[Biococoa-dev] [BioCocoa] Speed vs Safety
jtimmer at bellatlantic.net
Sun Aug 29 18:36:18 EDT 2004
> A general discussion topic based on the emails from the last days.
> Koen asked John a few times, why did you do this while we can do it in
> one line of code, and the answer John gave was that he did quite some
> error checking and in general expressed his concerns about
> users/developers trying to execute malicious code.
> Personally, I'm impressed by the safety John builds into his code, but
> am worried that sometimes this goes a bit to far and might have the
> opposite effect. Let me explain.
Okay, just got back in from a weekend away.
You're right that I'm probably projecting the amazing and unexpected things
that users do to developers, hence the paranoia.
A couple of things to be said in my favor - I've tried to limit most of the
paranoia to situations involving either object creation or file input.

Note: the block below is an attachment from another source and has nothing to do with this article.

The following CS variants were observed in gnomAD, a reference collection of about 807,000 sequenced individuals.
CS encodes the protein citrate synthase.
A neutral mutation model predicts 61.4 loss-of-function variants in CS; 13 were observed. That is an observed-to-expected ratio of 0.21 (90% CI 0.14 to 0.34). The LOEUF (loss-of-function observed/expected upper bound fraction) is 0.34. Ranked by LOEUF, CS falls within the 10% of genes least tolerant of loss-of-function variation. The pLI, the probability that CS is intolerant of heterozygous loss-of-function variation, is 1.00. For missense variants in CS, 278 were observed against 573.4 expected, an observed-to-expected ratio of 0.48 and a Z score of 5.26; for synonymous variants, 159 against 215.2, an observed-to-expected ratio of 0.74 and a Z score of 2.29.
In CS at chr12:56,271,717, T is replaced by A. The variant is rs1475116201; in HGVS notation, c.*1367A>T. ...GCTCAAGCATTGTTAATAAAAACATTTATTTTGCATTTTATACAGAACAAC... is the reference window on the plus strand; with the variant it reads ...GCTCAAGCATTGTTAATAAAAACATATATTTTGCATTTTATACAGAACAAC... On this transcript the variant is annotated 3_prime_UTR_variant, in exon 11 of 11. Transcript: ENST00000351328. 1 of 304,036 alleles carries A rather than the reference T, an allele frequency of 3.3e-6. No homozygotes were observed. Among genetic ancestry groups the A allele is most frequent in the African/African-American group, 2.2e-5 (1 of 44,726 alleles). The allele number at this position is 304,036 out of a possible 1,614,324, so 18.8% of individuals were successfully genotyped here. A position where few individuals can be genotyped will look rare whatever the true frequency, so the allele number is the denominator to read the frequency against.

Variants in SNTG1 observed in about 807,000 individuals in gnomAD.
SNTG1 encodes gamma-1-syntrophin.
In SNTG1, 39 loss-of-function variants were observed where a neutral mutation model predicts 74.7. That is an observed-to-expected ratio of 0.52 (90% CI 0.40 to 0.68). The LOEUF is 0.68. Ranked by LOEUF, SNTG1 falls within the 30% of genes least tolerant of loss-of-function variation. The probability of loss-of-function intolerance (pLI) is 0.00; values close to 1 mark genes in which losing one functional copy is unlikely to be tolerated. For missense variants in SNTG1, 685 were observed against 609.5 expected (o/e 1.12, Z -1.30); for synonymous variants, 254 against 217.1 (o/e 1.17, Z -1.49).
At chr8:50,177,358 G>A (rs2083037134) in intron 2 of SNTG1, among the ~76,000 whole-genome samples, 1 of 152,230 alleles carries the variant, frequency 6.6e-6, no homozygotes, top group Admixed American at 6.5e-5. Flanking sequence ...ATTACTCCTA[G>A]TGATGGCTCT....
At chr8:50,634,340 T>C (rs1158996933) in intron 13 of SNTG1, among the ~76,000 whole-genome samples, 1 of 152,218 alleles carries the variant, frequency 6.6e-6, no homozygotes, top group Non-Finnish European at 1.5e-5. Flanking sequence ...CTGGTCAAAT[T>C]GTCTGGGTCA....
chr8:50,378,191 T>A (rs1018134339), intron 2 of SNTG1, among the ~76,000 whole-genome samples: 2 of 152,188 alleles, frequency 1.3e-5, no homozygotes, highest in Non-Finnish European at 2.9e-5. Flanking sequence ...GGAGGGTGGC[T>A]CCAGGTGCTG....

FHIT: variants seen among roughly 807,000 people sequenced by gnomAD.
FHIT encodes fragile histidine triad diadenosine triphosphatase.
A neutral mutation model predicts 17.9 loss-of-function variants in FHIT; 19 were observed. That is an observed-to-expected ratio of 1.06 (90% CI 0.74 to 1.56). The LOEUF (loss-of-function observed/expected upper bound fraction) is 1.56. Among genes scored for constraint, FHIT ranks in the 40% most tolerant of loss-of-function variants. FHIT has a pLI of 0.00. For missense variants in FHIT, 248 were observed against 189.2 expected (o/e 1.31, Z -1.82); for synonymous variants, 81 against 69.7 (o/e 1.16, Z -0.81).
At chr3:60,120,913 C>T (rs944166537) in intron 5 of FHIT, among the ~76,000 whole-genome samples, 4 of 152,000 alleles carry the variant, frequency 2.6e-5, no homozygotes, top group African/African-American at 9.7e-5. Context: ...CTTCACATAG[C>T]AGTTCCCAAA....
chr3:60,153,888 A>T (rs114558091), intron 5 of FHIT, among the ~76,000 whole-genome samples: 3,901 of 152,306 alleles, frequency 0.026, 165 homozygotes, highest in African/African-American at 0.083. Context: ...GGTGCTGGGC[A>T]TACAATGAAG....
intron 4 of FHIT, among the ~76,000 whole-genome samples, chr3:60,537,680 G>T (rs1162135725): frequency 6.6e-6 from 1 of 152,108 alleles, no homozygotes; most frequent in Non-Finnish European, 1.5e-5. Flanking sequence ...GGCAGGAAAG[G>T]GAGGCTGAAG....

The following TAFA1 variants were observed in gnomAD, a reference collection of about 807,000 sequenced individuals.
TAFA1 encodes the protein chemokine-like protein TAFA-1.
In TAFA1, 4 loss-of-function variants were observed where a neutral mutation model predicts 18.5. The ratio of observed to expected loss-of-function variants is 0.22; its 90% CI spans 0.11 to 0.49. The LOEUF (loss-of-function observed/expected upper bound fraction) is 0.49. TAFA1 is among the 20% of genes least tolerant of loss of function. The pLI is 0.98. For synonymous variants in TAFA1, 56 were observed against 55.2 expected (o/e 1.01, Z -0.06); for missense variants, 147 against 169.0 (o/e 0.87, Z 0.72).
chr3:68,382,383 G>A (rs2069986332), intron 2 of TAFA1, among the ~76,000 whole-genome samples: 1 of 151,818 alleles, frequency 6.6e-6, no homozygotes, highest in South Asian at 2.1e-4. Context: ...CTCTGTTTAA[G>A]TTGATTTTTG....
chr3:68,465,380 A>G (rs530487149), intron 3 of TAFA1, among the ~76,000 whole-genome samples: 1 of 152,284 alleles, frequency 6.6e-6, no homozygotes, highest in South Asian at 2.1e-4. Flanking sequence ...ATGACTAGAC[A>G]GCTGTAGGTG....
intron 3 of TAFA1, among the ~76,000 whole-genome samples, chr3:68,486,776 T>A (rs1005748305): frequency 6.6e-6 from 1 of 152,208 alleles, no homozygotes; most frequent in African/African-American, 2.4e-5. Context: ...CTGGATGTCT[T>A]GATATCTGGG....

There's a couple of reasons for this. One is that, in comparison to memory
allocation or disk input and output, error checking's going to be time
inexpensive (all the tests for the tempDictionary didn't add any time that
was distinguishable from background noise to the DNA manipulations in the
demo_app). The second is that, if errors are checked for here, it's going
to be relatively difficult to introduce them later (though clearly, as you
note, not impossible).
So how about we make a deal - I won't complain if you remove my error
checking code from anything that doesn't involve initializing or disk-I/O,
and you don't complain about me putting them in those places?
> Ps. At WWDC's Cocoa optimization session we were told that in general a
> for(i=0; i < x; i++), where x is [theArray count] is faster and less
> memory intensive than an enumerator (no object messaging involved).
> Although the latter is definitely more elegant, if we are looking at
> speed bottlenecks with large sequences, this might be something to keep
> in mind.
Didn't know this - I'll take it into account in the future, and may go back
and modify some code accordingly.
Incidentally, the tempDict variable was used back when I did my nucleotides
with an "initWithDictionary:" method, and it didn't seem worth removing the
error test after I changed it to an "initWithSymbol".
This mind intentionally left blank
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